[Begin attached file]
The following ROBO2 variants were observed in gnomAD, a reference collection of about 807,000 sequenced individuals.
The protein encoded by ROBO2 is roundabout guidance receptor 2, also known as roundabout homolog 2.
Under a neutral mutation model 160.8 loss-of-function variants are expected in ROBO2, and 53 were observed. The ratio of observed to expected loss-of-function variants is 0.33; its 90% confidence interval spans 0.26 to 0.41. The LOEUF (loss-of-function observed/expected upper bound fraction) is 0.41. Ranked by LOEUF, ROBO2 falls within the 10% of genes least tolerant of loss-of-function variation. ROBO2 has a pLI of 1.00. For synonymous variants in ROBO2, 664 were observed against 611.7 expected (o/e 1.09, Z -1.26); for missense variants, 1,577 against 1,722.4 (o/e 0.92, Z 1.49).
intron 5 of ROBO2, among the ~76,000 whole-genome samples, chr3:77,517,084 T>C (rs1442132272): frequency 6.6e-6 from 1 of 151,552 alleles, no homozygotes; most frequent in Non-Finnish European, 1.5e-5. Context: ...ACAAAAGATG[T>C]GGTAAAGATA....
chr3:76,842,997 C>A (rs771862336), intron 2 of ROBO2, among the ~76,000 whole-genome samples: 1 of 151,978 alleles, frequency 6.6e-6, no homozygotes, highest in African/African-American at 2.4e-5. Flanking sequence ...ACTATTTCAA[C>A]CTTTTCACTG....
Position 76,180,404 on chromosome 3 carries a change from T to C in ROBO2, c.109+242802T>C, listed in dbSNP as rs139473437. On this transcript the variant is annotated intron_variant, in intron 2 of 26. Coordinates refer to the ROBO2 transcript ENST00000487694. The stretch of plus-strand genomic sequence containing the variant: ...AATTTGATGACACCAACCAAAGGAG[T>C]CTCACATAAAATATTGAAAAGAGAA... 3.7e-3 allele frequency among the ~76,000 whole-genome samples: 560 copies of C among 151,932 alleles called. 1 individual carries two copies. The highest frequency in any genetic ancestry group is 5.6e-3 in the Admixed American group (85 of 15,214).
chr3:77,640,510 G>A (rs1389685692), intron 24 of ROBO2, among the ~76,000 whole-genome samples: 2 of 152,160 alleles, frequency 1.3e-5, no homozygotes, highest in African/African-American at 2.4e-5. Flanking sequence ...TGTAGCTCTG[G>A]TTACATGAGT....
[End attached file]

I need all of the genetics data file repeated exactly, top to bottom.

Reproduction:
The following ROBO2 variants were observed in gnomAD, a reference collection of about 807,000 sequenced individuals.
The protein encoded by ROBO2 is roundabout guidance receptor 2, also known as roundabout homolog 2.
Under a neutral mutation model 160.8 loss-of-function variants are expected in ROBO2, and 53 were observed. The ratio of observed to expected loss-of-function variants is 0.33; its 90% confidence interval spans 0.26 to 0.41. The LOEUF (loss-of-function observed/expected upper bound fraction) is 0.41. Ranked by LOEUF, ROBO2 falls within the 10% of genes least tolerant of loss-of-function variation. ROBO2 has a pLI of 1.00. For synonymous variants in ROBO2, 664 were observed against 611.7 expected (o/e 1.09, Z -1.26); for missense variants, 1,577 against 1,722.4 (o/e 0.92, Z 1.49).
intron 5 of ROBO2, among the ~76,000 whole-genome samples, chr3:77,517,084 T>C (rs1442132272): frequency 6.6e-6 from 1 of 151,552 alleles, no homozygotes; most frequent in Non-Finnish European, 1.5e-5. Context: ...ACAAAAGATG[T>C]GGTAAAGATA....
chr3:76,842,997 C>A (rs771862336), intron 2 of ROBO2, among the ~76,000 whole-genome samples: 1 of 151,978 alleles, frequency 6.6e-6, no homozygotes, highest in African/African-American at 2.4e-5. Flanking sequence ...ACTATTTCAA[C>A]CTTTTCACTG....
Position 76,180,404 on chromosome 3 carries a change from T to C in ROBO2, c.109+242802T>C, listed in dbSNP as rs139473437. On this transcript the variant is annotated intron_variant, in intron 2 of 26. Coordinates refer to the ROBO2 transcript ENST00000487694. The stretch of plus-strand genomic sequence containing the variant: ...AATTTGATGACACCAACCAAAGGAG[T>C]CTCACATAAAATATTGAAAAGAGAA... 3.7e-3 allele frequency among the ~76,000 whole-genome samples: 560 copies of C among 151,932 alleles called. 1 individual carries two copies. The highest frequency in any genetic ancestry group is 5.6e-3 in the Admixed American group (85 of 15,214).
chr3:77,640,510 G>A (rs1389685692), intron 24 of ROBO2, among the ~76,000 whole-genome samples: 2 of 152,160 alleles, frequency 1.3e-5, no homozygotes, highest in African/African-American at 2.4e-5. Flanking sequence ...TGTAGCTCTG[G>A]TTACATGAGT....